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Cool Spies Don’t Look at Explosions

By on Aug 10, 2009 in In Production | 0 comments

One highlight of this May’s MTV Movie Awards was the music video starring Andy Samberg and “Neil Diamond,” with a special keyboard solo by J.J. Abrams. The video was an ode to the cinematic cliché in which the hero or villain walks away from a blast without so much as a backward glance. In case you haven’t seen it, check it out here: And keyboardist J.J. Abrams should know: on multiple occasions, characters in his brainchild Alias (my favorite show, incidentally) don’t look at explosions. Take this scene, in which free-agent Anna Espinosa, disguised as Sydney herself, brazenly doesn’t watch as Sydney’s truck explodes behind her… …or this scene, in which Peyton takes a bazooka to Sydney, Jack, and Irina’s only means of escape and then strides away with full badassery… …or this scene, in which Sydney runs away from an explosion in a Taiwanese lab. (Okay, she has a reason to not look:...

Follow That Sound

By on Aug 1, 2009 in In Production | 0 comments

The following post was originally published on my old blog on June 28, 2009. Lately, the trend regarding opening titles has been to make them as short as possible. Gone are the days of ones lasting a minute-and-a-half. And rapidly going are the days of ones lasting thirty seconds. For example, both Grey’s Anatomy and Desperate Housewives once had excellent sequences—a satirical look of the representation of women in art, and a clever montage of love lives and professional lives intermingling. But both sequences have been replaced by mere title cards lasting five seconds, tops. That’s why I was so pleased to see that A&E bucked the trend starting with the second-season premiere of The Cleaner. This was a show that used to display a simple title card. But now, it has been granted a luxuriously long—and damn good-looking—title sequence, which you can view here (so long as...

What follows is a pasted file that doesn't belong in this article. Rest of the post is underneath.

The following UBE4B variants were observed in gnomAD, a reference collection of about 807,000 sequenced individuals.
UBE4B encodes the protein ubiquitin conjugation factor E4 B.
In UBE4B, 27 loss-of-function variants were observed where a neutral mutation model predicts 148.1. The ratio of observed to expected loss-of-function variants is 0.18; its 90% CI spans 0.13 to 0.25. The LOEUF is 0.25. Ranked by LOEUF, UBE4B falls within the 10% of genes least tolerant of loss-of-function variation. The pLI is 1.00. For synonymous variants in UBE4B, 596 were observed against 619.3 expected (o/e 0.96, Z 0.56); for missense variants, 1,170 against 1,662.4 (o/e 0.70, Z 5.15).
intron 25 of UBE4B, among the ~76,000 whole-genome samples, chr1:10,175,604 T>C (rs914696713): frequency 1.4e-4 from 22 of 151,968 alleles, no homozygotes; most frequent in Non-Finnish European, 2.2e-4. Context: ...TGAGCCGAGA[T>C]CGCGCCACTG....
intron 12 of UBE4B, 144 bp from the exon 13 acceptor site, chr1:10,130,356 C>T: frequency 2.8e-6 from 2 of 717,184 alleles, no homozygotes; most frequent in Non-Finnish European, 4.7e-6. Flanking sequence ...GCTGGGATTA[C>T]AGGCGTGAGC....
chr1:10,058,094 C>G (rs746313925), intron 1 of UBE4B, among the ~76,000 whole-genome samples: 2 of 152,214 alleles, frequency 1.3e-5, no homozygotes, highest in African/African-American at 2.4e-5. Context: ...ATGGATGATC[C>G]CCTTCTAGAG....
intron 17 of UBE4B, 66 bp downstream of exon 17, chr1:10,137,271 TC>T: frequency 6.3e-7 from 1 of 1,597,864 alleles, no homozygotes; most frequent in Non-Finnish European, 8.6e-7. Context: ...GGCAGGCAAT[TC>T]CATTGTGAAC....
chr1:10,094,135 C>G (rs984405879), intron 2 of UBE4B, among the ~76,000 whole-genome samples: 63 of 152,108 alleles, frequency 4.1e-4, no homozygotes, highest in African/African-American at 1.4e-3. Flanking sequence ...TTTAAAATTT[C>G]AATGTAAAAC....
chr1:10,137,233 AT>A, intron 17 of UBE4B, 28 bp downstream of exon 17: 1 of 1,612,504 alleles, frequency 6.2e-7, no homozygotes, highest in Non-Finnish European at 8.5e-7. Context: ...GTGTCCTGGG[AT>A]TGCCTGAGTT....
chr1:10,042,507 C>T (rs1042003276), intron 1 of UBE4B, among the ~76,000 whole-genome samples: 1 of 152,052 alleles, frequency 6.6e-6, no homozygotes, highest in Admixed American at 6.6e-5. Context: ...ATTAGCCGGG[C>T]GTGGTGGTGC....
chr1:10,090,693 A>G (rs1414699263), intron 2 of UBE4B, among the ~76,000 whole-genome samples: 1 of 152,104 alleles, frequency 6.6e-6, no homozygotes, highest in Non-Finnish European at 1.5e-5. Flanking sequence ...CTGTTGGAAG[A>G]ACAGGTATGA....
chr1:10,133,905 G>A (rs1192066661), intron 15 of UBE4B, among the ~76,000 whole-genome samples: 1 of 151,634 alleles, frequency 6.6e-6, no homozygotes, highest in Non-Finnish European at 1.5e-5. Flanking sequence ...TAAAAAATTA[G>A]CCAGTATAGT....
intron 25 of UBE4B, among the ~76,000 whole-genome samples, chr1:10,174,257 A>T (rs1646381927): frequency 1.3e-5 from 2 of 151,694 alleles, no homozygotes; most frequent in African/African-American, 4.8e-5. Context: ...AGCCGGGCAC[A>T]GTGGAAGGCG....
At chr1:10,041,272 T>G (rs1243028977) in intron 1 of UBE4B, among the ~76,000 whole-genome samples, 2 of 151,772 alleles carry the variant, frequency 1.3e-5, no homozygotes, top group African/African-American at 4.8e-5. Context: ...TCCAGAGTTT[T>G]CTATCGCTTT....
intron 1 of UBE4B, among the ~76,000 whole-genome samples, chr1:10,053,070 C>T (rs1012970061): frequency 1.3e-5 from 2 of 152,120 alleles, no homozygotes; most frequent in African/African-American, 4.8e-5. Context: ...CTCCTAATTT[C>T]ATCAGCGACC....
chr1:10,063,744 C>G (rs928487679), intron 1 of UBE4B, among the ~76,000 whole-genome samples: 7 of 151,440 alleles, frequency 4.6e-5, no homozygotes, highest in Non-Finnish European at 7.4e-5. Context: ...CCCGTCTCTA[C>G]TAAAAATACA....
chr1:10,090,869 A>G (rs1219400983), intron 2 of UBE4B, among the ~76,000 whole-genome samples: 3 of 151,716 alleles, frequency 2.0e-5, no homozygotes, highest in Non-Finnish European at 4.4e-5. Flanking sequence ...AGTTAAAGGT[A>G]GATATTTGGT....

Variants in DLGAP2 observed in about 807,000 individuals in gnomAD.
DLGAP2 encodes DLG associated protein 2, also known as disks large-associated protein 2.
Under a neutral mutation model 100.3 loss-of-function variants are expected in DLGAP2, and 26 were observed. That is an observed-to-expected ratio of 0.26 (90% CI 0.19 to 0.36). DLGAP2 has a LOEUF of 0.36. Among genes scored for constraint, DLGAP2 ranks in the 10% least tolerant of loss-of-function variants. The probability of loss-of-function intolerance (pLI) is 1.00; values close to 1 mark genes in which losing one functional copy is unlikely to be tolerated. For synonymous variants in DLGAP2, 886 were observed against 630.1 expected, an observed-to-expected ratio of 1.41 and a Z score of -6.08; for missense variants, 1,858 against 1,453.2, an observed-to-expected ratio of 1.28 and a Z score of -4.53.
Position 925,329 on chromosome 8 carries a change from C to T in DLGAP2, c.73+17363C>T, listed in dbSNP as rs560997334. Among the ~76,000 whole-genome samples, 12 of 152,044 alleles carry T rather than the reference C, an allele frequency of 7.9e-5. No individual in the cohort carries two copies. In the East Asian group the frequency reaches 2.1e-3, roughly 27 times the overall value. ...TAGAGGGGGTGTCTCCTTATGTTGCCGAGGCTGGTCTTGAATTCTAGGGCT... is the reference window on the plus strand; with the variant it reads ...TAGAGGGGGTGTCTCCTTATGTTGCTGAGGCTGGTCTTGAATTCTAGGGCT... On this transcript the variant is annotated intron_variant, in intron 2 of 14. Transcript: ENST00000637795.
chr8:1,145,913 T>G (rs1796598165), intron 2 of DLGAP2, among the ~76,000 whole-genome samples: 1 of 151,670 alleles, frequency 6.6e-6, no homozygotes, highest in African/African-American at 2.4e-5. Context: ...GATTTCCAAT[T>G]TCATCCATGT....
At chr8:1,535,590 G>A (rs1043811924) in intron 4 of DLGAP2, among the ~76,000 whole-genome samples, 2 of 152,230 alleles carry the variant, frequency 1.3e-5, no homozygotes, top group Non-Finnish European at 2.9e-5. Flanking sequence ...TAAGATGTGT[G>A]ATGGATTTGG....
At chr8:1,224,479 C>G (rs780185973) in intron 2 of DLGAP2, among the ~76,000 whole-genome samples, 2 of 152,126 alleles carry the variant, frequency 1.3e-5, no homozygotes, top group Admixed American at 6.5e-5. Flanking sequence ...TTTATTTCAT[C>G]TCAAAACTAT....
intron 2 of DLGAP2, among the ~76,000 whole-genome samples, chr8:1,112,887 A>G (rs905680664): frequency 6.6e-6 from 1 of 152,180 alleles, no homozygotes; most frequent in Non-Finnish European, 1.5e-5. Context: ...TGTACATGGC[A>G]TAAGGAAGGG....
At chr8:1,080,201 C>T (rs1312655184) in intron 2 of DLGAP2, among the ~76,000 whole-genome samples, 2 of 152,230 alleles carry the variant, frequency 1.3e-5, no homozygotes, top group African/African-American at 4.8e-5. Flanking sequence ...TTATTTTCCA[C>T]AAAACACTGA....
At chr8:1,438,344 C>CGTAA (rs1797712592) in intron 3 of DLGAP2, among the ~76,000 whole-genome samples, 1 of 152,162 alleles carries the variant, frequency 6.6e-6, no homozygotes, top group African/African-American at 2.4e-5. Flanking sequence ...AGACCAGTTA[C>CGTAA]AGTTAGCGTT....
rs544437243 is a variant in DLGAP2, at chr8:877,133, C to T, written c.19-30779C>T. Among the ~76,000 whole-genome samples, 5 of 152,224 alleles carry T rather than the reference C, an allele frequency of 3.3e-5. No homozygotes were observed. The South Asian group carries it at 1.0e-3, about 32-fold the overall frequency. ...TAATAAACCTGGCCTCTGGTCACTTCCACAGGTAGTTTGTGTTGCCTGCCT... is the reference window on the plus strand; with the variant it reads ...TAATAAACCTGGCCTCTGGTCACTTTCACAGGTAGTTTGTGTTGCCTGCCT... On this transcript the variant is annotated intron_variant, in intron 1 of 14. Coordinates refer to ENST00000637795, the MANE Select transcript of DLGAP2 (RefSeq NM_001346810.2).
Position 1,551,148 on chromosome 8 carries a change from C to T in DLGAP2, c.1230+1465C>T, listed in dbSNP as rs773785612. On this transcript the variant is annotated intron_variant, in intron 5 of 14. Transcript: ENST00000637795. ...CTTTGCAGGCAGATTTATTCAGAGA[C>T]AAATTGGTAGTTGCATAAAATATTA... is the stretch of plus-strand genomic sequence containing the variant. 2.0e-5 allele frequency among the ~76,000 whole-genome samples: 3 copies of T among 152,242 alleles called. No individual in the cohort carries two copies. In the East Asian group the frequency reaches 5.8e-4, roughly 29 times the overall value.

Busting a Recap

By on Jul 31, 2009 in In Production | 0 comments

The following post was originally published on my old blog on January 24, 2009. I wasn’t going to watch the hour-long recap before the season premiere of Lost Wednesday night, but my mom wanted the refresher course. (And actually, I probably needed it, too.) I have to say, I was impressed. Not only did the recap distill four seasons of Lost into one hour, but it did so comprehensively and smoothly—with natural progressions and seamless segues, no less. And I realized why it was so successful: it didn’t burden the viewer with synopses of storylines and profiles of characters that don’t play a part in the upcoming season. It just gave viewers the essential info for the characters that are still around and the storylines that are up in the air. With a show as plot-heavy as Lost is, the recap was essential. And, luckily for us, it did the show...

The Woes of Standard Definition

By on Jul 29, 2009 in In Production | 0 comments

The following post was originally published on my old blog on January 21, 2009. First a pipe burst in my parents’ house. Then the insurance company compensated them generously. Then my parents upgraded my old bedroom to a media center with a beautiful LCD TV. And then, on the next vacation I had from school, I was utterly spoiled. Spoiled not because I could set the DVR to wake me up to Discovery’s Sunrise Earth (one of the most pastoral, minimalistic hymns to the beauty of nature available on basic cable), but because high-definition television is life-changing. Once you go HD, you never go back. So, why, I beg of you, why do networks insist on slumming it by broadcasting shows in standard definition? My mom, lover of dancing shows that she is, recently checked out NBC’s Superstars of Dance. Host Michael Flatley proclaims that it is the “greatest dance competition show on Earth.” Oh,...